Poor lubrication: the culprits

Contamination, oil degradation, oil starvation and excessive lubrication all can adversely affect oil sump lubrication.

Contamination. Particle contamination is possibly the most well known form of lubricant contamination. This form is considered the cause of component part wear, silting and surface fatigue. In a study performed by the National Research Council of Canada, nearly 85 percent of contaminant-related wear of components and surfaces was found to be particle induced. To make matters worse, particle contamination can create more particles ," and more wear.

Lower particle counts significantly extend the life expectancy of equipment. By reducing contamination levels from ISO 21/18 to ISO 11/8, plants can extend the life of a 50-gallon-per-minute (gpm) pump by a factor of seven.

Particle contamination can occur from ingress from the surroundings, improper cleaning of the bearing housing during maintenance cycles, or corrosion products from the high water content in the oil.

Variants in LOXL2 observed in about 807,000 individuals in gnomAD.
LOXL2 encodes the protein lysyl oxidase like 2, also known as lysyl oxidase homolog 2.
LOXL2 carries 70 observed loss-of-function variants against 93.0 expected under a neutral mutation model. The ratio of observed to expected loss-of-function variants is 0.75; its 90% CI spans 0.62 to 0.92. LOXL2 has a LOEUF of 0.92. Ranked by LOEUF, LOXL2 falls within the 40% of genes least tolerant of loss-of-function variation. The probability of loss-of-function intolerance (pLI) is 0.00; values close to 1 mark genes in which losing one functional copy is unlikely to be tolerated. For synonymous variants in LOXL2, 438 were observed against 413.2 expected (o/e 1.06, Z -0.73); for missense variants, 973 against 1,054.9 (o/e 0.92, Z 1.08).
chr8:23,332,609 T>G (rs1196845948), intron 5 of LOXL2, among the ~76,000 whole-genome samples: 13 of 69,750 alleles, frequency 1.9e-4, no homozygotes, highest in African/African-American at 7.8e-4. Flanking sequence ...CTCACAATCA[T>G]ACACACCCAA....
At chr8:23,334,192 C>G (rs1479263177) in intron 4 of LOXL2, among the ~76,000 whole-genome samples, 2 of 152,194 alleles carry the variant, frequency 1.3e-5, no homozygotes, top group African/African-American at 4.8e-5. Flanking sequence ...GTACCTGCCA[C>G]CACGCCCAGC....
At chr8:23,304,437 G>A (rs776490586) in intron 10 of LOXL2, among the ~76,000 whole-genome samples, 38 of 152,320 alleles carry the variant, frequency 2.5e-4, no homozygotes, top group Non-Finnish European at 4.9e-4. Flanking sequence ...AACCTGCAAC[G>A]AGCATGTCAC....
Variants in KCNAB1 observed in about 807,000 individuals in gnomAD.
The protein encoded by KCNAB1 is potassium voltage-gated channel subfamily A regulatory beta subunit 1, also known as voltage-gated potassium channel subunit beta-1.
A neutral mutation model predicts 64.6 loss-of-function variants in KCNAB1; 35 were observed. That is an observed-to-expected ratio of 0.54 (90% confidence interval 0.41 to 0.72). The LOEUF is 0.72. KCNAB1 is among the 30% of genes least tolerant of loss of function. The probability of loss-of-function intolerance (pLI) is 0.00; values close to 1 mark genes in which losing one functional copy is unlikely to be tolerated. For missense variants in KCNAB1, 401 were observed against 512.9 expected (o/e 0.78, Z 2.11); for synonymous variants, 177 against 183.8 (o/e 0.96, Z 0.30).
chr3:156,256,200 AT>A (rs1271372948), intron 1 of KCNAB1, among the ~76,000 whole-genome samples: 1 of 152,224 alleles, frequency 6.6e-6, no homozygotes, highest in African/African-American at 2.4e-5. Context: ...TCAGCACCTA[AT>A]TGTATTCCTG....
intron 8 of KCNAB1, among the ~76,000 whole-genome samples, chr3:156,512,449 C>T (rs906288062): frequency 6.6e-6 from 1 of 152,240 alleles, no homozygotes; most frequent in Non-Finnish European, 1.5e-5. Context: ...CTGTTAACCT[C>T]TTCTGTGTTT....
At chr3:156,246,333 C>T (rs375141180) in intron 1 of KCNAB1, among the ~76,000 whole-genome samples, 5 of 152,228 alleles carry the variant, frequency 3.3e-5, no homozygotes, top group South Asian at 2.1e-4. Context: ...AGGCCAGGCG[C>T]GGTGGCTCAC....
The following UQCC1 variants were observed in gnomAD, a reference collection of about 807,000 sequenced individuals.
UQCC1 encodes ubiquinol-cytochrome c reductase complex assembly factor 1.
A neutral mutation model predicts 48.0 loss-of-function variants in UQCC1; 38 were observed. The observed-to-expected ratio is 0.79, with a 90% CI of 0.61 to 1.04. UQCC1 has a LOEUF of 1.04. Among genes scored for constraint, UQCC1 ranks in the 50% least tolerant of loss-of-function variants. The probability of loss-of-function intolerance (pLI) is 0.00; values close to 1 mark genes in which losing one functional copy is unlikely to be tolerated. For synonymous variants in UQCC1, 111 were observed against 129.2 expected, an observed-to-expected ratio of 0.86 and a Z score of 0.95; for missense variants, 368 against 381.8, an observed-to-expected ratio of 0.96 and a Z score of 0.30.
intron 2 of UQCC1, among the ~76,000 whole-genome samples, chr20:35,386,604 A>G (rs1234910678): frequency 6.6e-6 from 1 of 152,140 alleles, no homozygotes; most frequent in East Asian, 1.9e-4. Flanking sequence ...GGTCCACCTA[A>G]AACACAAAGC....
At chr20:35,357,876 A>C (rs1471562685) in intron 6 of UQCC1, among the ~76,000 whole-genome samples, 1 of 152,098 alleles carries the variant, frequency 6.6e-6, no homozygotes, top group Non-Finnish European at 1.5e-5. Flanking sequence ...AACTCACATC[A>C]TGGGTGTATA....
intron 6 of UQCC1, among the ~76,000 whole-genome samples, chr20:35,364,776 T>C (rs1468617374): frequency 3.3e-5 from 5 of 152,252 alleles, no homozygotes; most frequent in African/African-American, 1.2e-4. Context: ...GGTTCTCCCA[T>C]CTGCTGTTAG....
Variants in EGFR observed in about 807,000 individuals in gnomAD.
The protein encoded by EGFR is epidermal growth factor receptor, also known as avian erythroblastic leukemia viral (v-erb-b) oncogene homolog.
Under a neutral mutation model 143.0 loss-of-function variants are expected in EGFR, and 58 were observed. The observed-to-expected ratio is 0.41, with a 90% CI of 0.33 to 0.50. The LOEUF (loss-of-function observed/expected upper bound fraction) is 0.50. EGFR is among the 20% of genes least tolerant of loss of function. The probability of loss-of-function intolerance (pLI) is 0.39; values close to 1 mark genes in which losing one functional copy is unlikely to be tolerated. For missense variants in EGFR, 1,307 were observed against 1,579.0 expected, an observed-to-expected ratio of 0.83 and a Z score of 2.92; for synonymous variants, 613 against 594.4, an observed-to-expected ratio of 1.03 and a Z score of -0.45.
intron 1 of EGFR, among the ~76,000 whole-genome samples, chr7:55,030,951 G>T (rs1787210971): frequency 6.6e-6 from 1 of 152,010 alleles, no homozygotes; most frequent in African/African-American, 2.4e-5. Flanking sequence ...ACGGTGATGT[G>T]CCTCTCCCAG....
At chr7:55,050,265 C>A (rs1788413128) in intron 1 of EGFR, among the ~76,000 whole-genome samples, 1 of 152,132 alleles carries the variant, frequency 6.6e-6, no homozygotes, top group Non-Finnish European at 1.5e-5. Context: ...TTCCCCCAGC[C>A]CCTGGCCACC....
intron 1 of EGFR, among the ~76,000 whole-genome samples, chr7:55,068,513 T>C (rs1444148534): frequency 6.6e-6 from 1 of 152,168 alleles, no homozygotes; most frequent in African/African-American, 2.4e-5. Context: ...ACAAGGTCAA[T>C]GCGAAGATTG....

Water contamination can cause several problems. Because each type of oil has its own unique "safe" water level, the common practice of measuring parts per million (ppm) is not conclusive.

Significant differences exist among oils, beginning with mineral and synthetic bases. Additive packages, commonly referred to as "ad-pacs," also can make a difference in how much water an oil can hold before phase separation occurs ," and free water forms. Temperature also plays a major role in how much water oil can hold. Damaging levels of water, or "free water," begin to occur in some mineral-based oils between 400 ppm and 500 ppm at 140 Degrees F. Free water might form at 200 ppm at 125 Degrees F in the same oil.